Age-related hearing loss (also called presbycusis) develops slowly and gradually, so normally we do not notice the decline in our ability to hear.
In most cases, age related hearing loss affects our ability to hear high frequency tones. Therefore a classic symptom of an age-related hearing loss is problems hearing high-pitched sounds such as female or children’s voices or spoken consonants such as s, t, k, p, b and f.
Another common symptom of age-related hearing loss is problems hearing in situations with background noise such as parties, social gatherings, meetings, conventions and in restaurants.
Daily sounds may disappear
You may have lost the experience of common daily sounds.
Ask yourself: When did I last hear the birds singing, the humming of the refrigerator, the beep from the microwave oven or the sound of running water? If you miss these sounds, it could be signs of an age-related hearing loss.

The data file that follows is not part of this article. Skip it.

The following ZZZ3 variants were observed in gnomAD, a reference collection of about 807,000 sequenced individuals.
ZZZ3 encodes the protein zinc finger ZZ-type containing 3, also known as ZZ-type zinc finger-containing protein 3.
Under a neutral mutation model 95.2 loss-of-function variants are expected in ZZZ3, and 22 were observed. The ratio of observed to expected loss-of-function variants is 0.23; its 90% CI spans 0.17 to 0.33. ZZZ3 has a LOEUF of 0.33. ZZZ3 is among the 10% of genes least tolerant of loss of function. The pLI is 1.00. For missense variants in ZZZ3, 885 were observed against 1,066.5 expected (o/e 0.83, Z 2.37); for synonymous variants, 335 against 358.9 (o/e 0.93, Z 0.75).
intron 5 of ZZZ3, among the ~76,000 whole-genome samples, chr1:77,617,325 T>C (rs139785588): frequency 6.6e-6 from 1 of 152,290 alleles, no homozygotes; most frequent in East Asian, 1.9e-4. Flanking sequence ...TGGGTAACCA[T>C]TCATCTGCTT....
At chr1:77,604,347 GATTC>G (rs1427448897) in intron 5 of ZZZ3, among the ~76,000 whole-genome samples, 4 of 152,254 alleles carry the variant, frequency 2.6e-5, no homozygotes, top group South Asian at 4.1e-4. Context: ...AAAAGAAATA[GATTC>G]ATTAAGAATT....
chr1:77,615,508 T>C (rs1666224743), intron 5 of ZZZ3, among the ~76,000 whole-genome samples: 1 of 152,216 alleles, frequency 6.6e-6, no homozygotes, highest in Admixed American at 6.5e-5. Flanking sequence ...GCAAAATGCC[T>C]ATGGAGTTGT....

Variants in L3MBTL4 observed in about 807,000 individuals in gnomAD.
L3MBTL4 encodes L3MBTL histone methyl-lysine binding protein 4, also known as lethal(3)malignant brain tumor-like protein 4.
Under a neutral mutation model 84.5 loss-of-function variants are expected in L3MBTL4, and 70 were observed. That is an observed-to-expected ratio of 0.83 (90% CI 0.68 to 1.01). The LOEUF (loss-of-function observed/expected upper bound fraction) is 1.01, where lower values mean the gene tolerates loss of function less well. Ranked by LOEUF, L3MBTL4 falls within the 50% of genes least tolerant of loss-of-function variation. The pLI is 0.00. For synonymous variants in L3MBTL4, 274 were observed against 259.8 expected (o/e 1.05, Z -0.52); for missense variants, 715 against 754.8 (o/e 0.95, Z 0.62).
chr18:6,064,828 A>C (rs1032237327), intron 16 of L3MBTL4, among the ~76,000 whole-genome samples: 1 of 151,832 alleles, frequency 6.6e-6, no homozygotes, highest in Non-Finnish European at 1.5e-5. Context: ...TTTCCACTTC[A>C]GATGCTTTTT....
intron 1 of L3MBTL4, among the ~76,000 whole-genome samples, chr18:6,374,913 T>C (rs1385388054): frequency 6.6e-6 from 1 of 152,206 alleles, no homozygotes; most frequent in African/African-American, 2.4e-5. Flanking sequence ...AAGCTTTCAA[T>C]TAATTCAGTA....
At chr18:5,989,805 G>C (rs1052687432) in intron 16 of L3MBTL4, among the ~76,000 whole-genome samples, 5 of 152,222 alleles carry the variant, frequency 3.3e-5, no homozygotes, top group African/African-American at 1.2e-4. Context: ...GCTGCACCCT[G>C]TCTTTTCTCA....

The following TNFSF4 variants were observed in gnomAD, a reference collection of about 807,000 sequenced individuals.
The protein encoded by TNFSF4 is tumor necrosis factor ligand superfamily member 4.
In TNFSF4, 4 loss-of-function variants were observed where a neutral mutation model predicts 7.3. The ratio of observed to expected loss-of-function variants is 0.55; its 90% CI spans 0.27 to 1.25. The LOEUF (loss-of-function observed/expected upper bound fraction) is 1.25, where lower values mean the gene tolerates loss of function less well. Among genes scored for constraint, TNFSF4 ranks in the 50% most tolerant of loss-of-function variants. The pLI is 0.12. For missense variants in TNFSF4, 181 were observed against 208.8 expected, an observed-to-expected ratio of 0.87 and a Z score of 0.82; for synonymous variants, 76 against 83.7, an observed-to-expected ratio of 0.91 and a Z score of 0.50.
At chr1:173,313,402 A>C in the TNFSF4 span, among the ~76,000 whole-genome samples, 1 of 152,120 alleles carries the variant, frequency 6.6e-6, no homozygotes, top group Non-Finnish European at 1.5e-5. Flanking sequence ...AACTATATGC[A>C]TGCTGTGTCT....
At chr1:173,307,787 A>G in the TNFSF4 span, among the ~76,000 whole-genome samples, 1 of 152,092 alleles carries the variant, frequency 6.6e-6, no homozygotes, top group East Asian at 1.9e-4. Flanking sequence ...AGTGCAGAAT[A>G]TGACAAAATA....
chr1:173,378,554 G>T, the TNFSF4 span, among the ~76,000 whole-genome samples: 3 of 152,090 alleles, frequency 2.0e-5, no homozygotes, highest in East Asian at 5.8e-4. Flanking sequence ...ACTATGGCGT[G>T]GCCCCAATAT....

Other signs and symptoms
Other signs and symptoms to look out for can be:
- Turning up the volume on the television or radio
- Asking people to repeat themselves
- Difficulty hearing people talking from behind
- Difficulty understanding conversations over the telephone
- Not hearing the doorbell or the telephone ringing
- Certain sounds may seem overly loud
- Ringing ears (tinnitus)
If you experience some of these symptoms, the best advice is to get your hearing checked by having a hearing test. You should then contact your family doctor (GP) or a hearing care professional.